Mexico's president said Thursday he will hold a "unity" rally on the border in Tijuana two days before the U.S. is set to impose tariffs on all Mexican imports.
President Andrés Manuel López Obrador announced a demonstration will be held Saturday to defend the country's "dignity" amid a looming threat from U.S. President Donald Trump, who has pledged to impose 5% tariffs on Mexican products unless the country prevents Central American migrants from traveling through its territory.
López Obrador expressed confidence that an agreement could be reached as talks continued Thursday, but did not offer any specifics beyond rejecting the use of force against migrants.
"I am calling together the people of Mexico ... for a rally to defend the dignity of Mexico, and in favor of friendship with the people of the United States," said the president, who has held a multitude of demonstrations while in public office over the last 20 years.
López Obrador has said over and over again that his goal is to avoid any confrontation with Trump, and he stressed Thursday that "U.S. authorities have behaved very well, because they have not cut off the dialogue."
He also confirmed Mexican prosecutors had taken two immigration activists into custody but denied the arrests were carried out to please the U.S. government.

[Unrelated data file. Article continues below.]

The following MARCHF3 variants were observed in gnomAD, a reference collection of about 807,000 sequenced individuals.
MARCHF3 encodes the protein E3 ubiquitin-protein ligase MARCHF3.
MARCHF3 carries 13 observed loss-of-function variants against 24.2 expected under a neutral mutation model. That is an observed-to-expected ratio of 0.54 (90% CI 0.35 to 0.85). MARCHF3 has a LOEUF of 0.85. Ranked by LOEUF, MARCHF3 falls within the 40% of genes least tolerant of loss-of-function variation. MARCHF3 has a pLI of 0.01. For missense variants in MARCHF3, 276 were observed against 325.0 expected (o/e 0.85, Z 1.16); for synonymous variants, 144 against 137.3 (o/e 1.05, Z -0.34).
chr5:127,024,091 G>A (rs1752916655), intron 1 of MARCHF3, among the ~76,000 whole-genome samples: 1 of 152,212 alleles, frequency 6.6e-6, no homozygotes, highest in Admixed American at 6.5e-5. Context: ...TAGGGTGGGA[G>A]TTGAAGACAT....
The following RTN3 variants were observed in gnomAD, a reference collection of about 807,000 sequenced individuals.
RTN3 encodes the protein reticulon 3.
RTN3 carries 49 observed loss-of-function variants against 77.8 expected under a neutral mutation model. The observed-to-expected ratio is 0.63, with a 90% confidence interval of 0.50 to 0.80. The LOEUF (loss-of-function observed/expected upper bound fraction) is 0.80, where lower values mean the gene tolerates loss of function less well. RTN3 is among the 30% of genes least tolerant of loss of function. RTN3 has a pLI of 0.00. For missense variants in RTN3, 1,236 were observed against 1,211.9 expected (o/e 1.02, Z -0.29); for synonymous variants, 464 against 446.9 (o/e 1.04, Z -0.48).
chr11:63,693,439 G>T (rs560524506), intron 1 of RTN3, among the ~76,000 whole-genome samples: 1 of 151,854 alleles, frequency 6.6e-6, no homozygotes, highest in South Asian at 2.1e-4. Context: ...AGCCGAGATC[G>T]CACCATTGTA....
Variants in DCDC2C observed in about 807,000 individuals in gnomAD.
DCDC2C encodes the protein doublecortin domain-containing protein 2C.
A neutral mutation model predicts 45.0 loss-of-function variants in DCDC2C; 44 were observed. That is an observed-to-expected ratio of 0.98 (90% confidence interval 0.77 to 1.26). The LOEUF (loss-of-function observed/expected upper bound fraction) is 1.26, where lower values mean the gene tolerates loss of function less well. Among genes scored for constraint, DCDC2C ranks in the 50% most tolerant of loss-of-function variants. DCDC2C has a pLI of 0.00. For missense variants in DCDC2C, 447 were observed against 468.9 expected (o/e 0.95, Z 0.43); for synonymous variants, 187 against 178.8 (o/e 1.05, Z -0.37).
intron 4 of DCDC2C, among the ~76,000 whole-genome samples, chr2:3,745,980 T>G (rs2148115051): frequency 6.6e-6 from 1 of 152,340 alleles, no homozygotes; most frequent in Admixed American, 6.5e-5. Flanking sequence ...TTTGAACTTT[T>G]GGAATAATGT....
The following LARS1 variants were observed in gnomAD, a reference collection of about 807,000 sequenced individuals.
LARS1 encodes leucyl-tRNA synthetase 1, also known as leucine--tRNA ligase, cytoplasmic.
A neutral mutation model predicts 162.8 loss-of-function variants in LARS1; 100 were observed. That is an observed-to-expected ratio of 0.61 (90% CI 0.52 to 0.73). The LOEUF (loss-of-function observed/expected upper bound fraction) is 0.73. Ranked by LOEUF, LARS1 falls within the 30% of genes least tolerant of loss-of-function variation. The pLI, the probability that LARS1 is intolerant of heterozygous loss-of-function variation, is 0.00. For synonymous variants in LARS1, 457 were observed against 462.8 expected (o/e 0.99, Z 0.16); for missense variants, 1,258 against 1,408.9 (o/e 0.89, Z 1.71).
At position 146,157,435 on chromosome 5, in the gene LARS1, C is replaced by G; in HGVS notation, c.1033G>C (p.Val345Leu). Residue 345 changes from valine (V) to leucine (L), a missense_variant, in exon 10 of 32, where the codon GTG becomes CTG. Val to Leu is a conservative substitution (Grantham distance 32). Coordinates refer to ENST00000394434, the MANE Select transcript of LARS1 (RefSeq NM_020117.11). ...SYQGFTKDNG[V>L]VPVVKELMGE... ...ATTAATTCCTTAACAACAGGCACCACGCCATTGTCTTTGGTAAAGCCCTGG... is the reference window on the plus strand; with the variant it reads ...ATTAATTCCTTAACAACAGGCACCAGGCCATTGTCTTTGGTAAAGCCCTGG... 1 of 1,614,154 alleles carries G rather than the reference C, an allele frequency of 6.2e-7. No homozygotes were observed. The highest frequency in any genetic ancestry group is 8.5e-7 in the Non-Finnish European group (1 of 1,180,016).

"We do not act against anybody to please any foreign government," he said.
U.S. & World
News from around the country and around the globe
Rights groups said one of those arrested is Irineo Mujica, who has coordinated logistics and strategies for some of the migrant caravans that have crossed Mexico in previous months.
Mujica, of the migrant rights group Pueblo Sin Fronteras, appears to hold dual U.S. and Mexican citizenship and has had brushes in the past with Mexican police related to protests in favor of migrants.
The latest action by López Obrador comes amid growing anger on the part of Trump, who has railed against a huge increase in the number of migrants from Honduras, Guatemala and El Salvador who cross Mexico to reach the U.S. border. While Mexico has been discouraging the kind of large-scale caravans that it saw in 2018 and the first few months of 2019, Trump wants Mexico to do more.
Mexico has rejected any "third safe country" agreement that would require migrants to apply for asylum in the country. However, the Mexican government has allowed the United States to return migrants from other countries and have them wait in Mexico while their U.S. asylum requests are processed.
On Wednesday, Mexican police and immigration agents blocked the advance of about 1,000 Central American migrants who were walking along a highway in southern Mexico.
The National Immigration Institute said about 420 migrants had agreed to be transported to a migrant detention center in the city of Tapachula. It said they would be processed there, and authorities would help some to return to their home countries if needed.